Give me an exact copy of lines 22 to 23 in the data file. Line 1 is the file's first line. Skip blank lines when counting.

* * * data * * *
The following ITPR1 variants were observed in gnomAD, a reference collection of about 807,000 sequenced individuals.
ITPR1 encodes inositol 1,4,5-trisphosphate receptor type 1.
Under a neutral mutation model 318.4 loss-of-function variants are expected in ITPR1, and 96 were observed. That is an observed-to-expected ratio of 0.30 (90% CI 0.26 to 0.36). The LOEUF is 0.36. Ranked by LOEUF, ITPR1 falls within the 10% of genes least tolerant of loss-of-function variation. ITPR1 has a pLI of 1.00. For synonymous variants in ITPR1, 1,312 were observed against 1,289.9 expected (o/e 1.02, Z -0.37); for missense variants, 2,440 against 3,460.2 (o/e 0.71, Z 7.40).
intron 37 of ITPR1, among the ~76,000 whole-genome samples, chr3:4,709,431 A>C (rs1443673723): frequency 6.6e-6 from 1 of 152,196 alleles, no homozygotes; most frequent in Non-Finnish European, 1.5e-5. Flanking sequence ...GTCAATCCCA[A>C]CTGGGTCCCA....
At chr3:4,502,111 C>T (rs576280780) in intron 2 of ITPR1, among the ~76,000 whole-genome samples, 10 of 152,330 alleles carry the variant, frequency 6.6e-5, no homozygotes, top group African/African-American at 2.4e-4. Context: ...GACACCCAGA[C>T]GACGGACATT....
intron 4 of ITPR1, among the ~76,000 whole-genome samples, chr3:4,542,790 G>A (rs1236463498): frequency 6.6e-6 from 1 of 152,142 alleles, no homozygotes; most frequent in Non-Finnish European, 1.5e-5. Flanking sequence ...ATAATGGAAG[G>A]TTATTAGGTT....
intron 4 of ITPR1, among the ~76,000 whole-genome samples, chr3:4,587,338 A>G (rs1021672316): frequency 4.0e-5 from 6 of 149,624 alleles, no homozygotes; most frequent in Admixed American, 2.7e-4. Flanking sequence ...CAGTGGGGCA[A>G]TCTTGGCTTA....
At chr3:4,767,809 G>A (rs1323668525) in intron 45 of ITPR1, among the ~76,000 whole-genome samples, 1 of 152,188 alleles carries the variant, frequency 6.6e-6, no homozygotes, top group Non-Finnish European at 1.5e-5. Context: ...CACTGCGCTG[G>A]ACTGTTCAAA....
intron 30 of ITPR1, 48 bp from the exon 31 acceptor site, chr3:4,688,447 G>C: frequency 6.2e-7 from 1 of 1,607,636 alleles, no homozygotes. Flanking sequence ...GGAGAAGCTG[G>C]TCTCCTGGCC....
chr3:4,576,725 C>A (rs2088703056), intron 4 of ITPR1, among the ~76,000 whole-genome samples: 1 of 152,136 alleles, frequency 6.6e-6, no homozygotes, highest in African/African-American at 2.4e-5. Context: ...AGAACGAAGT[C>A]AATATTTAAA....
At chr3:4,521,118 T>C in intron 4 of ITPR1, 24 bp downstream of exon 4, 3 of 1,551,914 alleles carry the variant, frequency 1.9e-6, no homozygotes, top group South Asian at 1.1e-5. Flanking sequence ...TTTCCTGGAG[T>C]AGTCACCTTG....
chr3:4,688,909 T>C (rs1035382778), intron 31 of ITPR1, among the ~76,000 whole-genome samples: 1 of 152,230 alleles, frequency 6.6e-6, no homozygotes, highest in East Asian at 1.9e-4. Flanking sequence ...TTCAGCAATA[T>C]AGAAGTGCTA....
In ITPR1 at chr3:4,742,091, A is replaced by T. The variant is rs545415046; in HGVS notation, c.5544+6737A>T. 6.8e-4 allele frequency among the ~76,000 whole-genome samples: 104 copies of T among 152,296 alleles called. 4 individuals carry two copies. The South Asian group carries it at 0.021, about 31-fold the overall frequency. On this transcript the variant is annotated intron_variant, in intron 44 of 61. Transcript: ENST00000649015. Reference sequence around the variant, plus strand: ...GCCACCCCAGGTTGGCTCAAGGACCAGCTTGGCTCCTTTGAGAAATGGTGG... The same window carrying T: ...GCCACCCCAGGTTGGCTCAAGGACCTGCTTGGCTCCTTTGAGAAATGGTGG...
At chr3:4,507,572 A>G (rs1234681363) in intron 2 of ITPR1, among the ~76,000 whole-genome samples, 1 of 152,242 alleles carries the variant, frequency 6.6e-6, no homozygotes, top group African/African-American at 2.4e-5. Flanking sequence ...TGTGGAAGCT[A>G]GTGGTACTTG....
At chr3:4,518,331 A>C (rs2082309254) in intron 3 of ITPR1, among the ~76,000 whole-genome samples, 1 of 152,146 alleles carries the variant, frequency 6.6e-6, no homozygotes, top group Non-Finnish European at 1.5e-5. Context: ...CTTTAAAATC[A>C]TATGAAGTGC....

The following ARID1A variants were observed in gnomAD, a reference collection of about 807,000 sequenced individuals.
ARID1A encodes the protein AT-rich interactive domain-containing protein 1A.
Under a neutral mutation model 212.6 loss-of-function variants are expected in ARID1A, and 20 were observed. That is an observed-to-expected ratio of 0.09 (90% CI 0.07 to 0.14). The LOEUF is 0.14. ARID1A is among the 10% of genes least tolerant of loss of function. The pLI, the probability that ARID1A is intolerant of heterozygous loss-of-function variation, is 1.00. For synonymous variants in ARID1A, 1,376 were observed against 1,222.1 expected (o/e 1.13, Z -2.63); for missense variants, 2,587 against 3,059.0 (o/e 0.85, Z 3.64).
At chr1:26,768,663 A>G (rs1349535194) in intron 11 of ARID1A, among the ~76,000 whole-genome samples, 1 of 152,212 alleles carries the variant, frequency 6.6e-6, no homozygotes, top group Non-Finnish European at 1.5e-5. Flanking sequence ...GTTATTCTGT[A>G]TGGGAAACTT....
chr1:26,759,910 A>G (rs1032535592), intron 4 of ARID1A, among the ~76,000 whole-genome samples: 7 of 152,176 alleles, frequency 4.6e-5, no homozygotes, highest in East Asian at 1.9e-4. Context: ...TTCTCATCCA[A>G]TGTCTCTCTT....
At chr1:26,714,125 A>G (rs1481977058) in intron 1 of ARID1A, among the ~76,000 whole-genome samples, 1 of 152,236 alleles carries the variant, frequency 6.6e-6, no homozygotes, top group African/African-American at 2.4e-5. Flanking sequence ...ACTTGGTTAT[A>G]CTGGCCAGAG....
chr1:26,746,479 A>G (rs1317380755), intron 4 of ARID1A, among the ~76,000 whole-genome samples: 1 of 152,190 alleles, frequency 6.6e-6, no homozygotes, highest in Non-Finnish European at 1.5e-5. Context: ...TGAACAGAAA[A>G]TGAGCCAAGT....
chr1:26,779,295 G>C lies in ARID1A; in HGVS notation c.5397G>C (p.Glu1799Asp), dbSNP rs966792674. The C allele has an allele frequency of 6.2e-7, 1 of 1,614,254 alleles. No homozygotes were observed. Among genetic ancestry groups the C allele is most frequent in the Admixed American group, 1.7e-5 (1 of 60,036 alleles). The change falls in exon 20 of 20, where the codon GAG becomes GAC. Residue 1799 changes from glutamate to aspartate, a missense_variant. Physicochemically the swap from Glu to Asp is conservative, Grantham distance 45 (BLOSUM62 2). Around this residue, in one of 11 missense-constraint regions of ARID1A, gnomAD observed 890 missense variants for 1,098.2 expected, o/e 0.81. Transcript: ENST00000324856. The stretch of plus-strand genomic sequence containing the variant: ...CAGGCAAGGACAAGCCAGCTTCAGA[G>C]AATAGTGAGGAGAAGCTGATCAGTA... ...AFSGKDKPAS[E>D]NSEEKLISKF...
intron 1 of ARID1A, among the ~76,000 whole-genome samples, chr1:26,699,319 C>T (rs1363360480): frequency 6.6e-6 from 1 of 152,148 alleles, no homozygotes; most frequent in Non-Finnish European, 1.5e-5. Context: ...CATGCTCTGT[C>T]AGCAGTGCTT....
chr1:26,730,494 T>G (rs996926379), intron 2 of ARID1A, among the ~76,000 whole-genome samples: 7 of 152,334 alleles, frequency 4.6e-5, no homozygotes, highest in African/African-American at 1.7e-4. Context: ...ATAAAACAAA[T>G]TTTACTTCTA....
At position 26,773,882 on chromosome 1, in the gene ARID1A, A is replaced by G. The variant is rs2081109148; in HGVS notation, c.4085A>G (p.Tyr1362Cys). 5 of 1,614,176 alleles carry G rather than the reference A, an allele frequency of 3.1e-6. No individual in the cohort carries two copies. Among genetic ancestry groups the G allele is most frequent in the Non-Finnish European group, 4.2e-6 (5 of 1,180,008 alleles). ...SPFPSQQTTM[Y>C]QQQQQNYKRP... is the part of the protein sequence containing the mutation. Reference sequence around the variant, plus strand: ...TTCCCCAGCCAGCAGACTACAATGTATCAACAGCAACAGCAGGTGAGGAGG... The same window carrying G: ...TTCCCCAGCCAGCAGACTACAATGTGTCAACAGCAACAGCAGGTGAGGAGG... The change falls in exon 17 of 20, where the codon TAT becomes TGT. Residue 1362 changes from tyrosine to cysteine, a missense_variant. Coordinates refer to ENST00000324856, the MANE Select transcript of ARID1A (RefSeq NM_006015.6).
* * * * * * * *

chr1:26,746,479 A>G (rs1317380755), intron 4 of ARID1A, among the ~76,000 whole-genome samples: 1 of 152,190 alleles, frequency 6.6e-6, no homozygotes, highest in Non-Finnish European at 1.5e-5. Context: ...TGAACAGAAA[A>G]TGAGCCAAGT....
chr1:26,779,295 G>C lies in ARID1A; in HGVS notation c.5397G>C (p.Glu1799Asp), dbSNP rs966792674. The C allele has an allele frequency of 6.2e-7, 1 of 1,614,254 alleles. No homozygotes were observed. Among genetic ancestry groups the C allele is most frequent in the Admixed American group, 1.7e-5 (1 of 60,036 alleles). The change falls in exon 20 of 20, where the codon GAG becomes GAC. Residue 1799 changes from glutamate to aspartate, a missense_variant. Physicochemically the swap from Glu to Asp is conservative, Grantham distance 45 (BLOSUM62 2). Around this residue, in one of 11 missense-constraint regions of ARID1A, gnomAD observed 890 missense variants for 1,098.2 expected, o/e 0.81. Transcript: ENST00000324856. The stretch of plus-strand genomic sequence containing the variant: ...CAGGCAAGGACAAGCCAGCTTCAGA[G>C]AATAGTGAGGAGAAGCTGATCAGTA... ...AFSGKDKPAS[E>D]NSEEKLISKF...